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Alexander Korobkin

 
 

Alexander Korobkin - University of East Anglia, UK

Alexander Korobkin is Professor in Applied Mathematics. He joined the University of East Anglia in 2007. He has made major contributions to theoretical and semi-analytical studies of fluid-structure interaction. He developed several models of water impact and steep wave impact onto offshore. These models were designed to be combined with CFD software with the aim of improving the reliability of the predictions needed for safety assessment studies. The models of sloshing/slamming loads and the response of the rigid/elastic structure proved to be helpful and flexible enough to account for physical effects of primary importance in these impact phenomena. His three-dimensional models of water impact were applied to practical problems in two FP7 projects (2009-2013, 2010-2014) and in the Marie-Curie project on offshore structures interacting with waves (2014-2016). He was awarded the prestigious Weinblum Memorial Lectureships in 2009, the highest award in ship hydrodynamics. He is a member of the editorial boards of two international journals: the Journal of Engineering Mathematics and the Journal of Fluids and Structures. He authored or co-authored three books, six book chapters, more than ninety research papers in archival journals and more than eighty conference technical papers.

Research stay at UC3M: DEPARTMENT OF THERMAL AND FLUIDS ENGINEERING (SEPT 2016 - FEB 2017)

Project:

This 2016 Chair of Excellence research programme will focus on the analysis of the flows near moving contact lines between a fluid and a solid surface, and corresponding hydrodynamic loads when a rigid or flexible plate exits water at large accelerations. This is the so-called cat-lapping problem with important applications to ditching aircraft and high-speed boats. The project is a natural continuation of research performed jointly between Prof. Korobkin and members of the Fluid Mechanics Group of Carlos III University. The project is aimed to include more physical effects (viscosity, surface tension, gravity, cavitation) in the models, making their predictions and results more general. We need to understand and formulate the conditions that will allow us to neglect some of these effects or to argue that these effects play crucial roles. Part of the problem is the lack of knowledge about the conditions that should be applied at the moving contact line between the solid and the fluid. This topic is one of the most challenging open problems in fluid mechanics, that connects this science with other such us material or surface sciences. More specifically, the project will focus on: (a) surface tension and viscous effects in the numerical models of water entry/exit, (b) development of boundary element methods for flexible solid surfaces, (c) testing some theoretical models of water exit against the experiments.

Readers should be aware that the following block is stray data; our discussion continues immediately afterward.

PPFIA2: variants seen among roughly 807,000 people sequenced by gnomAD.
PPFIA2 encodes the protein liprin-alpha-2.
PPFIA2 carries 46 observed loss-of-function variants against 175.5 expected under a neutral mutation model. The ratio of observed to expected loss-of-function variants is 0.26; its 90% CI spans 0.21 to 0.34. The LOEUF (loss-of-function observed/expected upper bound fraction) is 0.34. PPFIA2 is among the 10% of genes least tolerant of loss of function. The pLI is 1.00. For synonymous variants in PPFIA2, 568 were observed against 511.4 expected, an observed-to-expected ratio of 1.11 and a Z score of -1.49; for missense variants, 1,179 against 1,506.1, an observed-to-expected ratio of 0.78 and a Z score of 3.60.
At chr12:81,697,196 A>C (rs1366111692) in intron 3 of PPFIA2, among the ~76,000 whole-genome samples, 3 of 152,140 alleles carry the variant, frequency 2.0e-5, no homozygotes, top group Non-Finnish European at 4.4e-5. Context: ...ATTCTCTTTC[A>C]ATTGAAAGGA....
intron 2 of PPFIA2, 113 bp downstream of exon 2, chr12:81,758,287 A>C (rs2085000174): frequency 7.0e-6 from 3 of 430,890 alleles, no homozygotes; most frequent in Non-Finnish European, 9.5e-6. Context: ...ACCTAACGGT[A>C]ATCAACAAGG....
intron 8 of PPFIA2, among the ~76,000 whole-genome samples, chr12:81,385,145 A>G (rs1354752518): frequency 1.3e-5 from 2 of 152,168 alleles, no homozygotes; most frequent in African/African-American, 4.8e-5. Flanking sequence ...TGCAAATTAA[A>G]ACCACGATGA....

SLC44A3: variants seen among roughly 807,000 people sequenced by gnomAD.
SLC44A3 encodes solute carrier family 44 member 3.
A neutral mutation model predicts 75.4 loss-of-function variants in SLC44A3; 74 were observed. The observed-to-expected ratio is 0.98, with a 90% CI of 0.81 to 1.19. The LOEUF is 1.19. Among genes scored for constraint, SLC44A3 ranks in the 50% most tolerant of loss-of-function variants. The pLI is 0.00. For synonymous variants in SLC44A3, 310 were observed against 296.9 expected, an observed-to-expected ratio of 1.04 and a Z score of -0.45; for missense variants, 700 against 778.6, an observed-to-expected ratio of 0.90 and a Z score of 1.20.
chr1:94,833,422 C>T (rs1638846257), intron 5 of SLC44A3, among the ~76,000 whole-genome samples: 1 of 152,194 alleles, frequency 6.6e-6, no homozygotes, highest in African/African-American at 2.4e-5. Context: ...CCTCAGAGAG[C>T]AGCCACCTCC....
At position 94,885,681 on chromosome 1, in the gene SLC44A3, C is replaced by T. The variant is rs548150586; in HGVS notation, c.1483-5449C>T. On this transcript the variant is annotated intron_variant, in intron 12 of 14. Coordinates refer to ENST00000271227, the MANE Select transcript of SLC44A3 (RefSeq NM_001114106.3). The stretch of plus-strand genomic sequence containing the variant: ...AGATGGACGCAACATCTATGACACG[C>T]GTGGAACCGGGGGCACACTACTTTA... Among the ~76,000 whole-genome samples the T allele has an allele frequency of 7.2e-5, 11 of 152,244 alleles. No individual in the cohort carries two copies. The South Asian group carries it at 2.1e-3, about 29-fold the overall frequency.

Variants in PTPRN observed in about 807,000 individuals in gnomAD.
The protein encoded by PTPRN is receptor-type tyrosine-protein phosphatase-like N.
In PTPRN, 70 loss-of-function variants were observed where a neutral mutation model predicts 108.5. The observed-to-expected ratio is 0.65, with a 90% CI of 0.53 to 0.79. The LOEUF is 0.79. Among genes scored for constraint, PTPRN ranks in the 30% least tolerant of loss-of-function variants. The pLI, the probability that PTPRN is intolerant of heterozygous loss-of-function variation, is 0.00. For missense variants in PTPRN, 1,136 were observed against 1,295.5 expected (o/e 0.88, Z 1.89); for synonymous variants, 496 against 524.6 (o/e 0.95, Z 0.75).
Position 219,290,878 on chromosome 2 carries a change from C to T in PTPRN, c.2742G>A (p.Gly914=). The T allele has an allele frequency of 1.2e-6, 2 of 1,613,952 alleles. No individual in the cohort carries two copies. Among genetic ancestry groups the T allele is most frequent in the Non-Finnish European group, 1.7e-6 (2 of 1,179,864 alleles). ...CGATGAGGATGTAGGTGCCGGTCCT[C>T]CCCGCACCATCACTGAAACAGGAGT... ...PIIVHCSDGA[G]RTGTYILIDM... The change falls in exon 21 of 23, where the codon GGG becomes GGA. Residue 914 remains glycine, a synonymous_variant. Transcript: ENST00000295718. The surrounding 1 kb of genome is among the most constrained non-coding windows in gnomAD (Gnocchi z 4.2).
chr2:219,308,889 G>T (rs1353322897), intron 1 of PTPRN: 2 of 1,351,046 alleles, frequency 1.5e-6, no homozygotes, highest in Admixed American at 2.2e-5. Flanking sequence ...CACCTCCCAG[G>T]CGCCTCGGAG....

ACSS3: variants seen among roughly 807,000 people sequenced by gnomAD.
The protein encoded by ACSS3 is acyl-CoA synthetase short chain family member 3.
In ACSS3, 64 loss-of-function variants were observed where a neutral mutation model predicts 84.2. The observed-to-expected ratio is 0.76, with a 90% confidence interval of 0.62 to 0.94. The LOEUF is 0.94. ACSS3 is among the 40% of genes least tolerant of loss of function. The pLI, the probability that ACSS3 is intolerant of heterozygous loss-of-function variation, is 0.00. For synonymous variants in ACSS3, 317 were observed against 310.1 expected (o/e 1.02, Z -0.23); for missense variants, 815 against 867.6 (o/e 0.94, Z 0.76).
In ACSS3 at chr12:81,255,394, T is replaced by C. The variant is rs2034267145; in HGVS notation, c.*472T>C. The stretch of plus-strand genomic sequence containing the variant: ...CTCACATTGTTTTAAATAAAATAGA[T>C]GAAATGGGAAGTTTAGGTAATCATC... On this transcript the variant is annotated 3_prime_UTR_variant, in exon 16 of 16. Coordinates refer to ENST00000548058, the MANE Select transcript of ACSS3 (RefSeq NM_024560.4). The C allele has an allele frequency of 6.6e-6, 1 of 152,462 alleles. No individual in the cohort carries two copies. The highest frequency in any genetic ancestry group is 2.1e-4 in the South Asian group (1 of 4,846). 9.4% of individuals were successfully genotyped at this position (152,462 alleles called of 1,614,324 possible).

Imagen Cátedras de Excelencia 2014